Black to Blue

Take the technical sections easy when doing a long ride. You can clean them later. The goal is to keep pedaling and avoid crashes.
Take the technical sections easy when doing a long ride. You can clean them later. The goal is to keep pedaling and avoid crashes.

Like most mountain bikers, I love riding downhill–the faster, the better. It’s common for me to be as winded after a hard-charging downhill as I am after a steep climb. But on this ride, I used downhills as a chance to catch my breath and rest my legs. I knew I would be physically and mentally tired during the long ride, and the difference between cleaning or crashing in a technical section is often a split-second decision and response. I wouldn’t be as sharp as usual, especially in the second half of the ride, so I rode at about 80 percent of my usual downhill speed. Where I usually attacked a downhill like a black diamond run, I cruised like it was a blue-level groomer.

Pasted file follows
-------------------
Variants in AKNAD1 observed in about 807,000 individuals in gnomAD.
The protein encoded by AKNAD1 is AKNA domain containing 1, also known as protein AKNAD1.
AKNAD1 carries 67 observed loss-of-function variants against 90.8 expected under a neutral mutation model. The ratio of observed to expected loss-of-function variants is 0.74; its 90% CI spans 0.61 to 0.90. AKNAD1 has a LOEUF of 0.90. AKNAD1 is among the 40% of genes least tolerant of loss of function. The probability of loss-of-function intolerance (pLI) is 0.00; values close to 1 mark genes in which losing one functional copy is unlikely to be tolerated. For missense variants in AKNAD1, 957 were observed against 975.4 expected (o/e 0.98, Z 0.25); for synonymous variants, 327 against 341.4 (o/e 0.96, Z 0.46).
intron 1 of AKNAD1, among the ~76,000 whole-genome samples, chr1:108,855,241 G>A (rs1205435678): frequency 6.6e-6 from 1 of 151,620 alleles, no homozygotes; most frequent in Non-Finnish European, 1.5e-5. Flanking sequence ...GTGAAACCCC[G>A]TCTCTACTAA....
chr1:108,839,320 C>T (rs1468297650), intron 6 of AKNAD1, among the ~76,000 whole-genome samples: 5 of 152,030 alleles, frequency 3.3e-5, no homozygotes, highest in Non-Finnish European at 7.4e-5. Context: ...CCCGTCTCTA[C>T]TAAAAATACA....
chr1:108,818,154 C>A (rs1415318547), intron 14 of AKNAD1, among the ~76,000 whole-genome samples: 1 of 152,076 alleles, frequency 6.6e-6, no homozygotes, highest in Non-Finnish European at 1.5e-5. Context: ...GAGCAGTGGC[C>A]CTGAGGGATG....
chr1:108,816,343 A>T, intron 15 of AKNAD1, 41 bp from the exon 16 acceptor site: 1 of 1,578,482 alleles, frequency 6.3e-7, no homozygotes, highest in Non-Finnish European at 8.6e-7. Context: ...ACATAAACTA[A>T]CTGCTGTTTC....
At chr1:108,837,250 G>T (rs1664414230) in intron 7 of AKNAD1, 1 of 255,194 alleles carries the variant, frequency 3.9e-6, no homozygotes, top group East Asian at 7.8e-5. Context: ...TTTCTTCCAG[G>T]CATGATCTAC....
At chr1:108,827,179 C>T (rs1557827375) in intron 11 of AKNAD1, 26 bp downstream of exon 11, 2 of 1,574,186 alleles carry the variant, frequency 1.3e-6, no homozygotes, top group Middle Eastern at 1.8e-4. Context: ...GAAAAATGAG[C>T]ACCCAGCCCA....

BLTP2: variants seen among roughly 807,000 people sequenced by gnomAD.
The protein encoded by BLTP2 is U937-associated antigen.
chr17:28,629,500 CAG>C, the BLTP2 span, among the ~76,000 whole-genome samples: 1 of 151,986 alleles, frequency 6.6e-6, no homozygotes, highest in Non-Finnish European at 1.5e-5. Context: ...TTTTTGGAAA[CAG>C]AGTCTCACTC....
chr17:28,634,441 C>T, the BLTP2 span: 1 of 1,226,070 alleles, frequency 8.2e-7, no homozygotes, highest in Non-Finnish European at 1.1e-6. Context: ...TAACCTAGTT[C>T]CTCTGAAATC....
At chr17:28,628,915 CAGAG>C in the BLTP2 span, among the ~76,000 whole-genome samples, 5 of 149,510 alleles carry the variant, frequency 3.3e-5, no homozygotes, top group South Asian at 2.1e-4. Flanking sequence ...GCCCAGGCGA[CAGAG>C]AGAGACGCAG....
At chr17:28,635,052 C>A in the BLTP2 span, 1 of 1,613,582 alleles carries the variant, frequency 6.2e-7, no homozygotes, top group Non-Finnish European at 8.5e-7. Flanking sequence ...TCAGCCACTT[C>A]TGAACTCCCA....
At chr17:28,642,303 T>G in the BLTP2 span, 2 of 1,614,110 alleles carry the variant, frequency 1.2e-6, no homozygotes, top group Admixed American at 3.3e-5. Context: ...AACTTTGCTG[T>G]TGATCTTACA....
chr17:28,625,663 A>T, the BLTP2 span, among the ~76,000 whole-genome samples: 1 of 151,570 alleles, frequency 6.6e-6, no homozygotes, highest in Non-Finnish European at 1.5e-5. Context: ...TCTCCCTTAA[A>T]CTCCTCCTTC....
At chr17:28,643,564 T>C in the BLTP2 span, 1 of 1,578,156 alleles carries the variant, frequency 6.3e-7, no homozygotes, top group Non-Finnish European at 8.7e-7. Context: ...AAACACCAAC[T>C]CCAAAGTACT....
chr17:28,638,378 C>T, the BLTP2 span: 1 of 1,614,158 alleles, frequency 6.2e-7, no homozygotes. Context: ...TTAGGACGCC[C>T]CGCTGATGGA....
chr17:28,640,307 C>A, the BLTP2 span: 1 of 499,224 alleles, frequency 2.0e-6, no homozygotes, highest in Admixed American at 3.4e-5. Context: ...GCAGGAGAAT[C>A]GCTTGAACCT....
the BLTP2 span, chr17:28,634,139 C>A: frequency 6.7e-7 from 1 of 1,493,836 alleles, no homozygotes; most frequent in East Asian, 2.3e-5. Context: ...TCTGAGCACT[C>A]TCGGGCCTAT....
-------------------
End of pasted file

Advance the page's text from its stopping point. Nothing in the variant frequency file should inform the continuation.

Beyond the halfway point, I started to feel the miles, but knew I had more in me. Would I have enough? At the time I didn’t know, but I was confident that if I continued Dan’s riding strategy, I could do it.

It’s All Temporary

I also leaned on the experience of fellow Idahoan and pro mountain biker Rebecca Rusch, who was my unknowing muse on this ride. She’s known as the “Queen of Pain” for her super-human feats of endurance riding. In her book, Rusch to Glory, she imparted this gem of wisdom: “No matter how good or how bad you feel, it won’t last.”

The “bad” part was counterintuitive to me. I figured when you get tired, it’s a downward spiral from there… but not necessarily. You can ride through fatigue until your body finds the next well of energy.

Doing a long ride is not a race, it’s an experience. Take breaks, eat, and relax. It helps your mind and body prepare for the next leg.